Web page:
Data Imperialism: Disrupting Secondary Data in Platform Economies Through Participatory Regulation
33 Pages Posted: 29 May 2020
Date Written: May 29, 2020
In contemporary service-delivery markets, an often-undisclosed relationship between data and profit stimulates the commodification of employment data. Analysing how such data is used reveals patterns of monetisation through a host of different market purposes – from potentially useful (predicting traffic conditions) to individually worrying (predictive personalisation). Data production and commercialisation imperatives drive digital platforms to extract secondary data while maintaining an information access imbalance between those with big data and data analytics capabilities, and the uninformed data product. This article speculates about regulatory options available for workers on these platform economies. To date, much focus has been dedicated to the possibilities of data regulation and reformulating labour law to address the challenges posed by the gig economy and platform capitalism. We chart an alternative path towards grassroots empowerment of participatory self-regulation, guaranteed through data discovery, AI-assisted information looping and vulnerable stakeholder emancipation. We argue that the essential condition of this self-regulatory frame for its social and market sustainability requires informed engagement by currently disempowered market players, with the consequence of market power dispersal in favour of a more balanced regulatory field. A unique feature of our proposed regulatory framework is the use of AI-assisted information looping to disrupt the current information imperialism of platform operations and their data customers, revealing the forces at work which now undermine worker dignity, and retard work life quality through surveillance.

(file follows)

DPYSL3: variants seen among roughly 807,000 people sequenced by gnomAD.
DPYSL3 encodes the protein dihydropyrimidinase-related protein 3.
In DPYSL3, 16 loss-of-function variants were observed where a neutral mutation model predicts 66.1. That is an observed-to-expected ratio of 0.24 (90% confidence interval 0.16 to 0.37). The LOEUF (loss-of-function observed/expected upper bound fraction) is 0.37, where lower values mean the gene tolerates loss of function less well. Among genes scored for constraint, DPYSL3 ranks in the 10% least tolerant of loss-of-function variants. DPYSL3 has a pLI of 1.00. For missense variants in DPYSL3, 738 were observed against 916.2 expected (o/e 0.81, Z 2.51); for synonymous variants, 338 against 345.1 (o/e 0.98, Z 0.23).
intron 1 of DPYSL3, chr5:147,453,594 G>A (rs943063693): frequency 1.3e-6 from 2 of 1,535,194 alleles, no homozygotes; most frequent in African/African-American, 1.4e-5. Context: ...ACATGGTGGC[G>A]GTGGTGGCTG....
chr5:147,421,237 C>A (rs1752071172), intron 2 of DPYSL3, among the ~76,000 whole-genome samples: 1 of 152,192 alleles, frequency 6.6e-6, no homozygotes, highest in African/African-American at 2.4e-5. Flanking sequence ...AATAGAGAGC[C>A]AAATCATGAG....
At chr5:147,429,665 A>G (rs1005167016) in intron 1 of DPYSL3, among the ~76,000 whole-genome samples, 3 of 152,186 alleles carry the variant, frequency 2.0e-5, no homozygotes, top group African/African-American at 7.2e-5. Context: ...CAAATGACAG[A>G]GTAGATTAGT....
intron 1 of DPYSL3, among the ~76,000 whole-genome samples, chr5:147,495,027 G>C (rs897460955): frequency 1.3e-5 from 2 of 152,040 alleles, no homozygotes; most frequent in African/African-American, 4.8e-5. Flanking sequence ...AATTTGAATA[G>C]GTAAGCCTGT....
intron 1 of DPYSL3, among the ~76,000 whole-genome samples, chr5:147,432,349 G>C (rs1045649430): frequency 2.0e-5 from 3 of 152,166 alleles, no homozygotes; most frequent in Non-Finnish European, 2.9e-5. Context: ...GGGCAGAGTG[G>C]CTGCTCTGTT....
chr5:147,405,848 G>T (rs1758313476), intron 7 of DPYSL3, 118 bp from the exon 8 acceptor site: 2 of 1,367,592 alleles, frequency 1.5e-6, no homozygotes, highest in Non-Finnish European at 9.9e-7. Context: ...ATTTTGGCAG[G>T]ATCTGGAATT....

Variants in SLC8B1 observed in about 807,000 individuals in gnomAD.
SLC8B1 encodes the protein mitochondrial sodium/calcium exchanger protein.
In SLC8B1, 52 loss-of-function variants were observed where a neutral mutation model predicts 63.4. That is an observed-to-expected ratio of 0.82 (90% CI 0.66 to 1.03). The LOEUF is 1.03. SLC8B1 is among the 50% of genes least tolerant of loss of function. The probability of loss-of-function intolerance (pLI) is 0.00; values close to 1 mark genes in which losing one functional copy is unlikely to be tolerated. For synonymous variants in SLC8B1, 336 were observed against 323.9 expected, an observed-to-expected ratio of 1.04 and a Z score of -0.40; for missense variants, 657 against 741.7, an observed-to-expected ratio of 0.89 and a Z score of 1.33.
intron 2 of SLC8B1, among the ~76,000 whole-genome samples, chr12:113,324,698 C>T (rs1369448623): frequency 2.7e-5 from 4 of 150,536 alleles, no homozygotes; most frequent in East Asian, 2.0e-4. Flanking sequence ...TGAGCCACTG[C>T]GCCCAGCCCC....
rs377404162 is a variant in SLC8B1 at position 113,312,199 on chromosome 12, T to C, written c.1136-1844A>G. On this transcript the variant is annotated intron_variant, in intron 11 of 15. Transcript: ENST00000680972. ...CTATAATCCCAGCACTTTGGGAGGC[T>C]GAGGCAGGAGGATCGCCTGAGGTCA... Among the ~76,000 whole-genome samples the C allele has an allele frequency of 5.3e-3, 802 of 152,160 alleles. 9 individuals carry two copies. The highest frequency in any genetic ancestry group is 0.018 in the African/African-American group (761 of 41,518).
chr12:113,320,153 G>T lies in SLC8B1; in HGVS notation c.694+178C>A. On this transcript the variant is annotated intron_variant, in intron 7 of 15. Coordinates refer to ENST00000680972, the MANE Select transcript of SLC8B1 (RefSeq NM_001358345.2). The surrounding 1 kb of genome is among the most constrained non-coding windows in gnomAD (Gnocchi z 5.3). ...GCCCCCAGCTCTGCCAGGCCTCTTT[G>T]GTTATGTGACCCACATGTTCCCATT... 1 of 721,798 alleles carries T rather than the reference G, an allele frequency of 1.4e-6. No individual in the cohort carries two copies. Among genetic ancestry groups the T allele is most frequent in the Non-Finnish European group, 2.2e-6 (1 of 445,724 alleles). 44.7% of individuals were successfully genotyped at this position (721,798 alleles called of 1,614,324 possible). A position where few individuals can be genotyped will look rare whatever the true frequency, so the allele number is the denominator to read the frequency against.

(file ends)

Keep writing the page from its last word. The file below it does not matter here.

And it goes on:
Keywords: platform economy, digital labour, work
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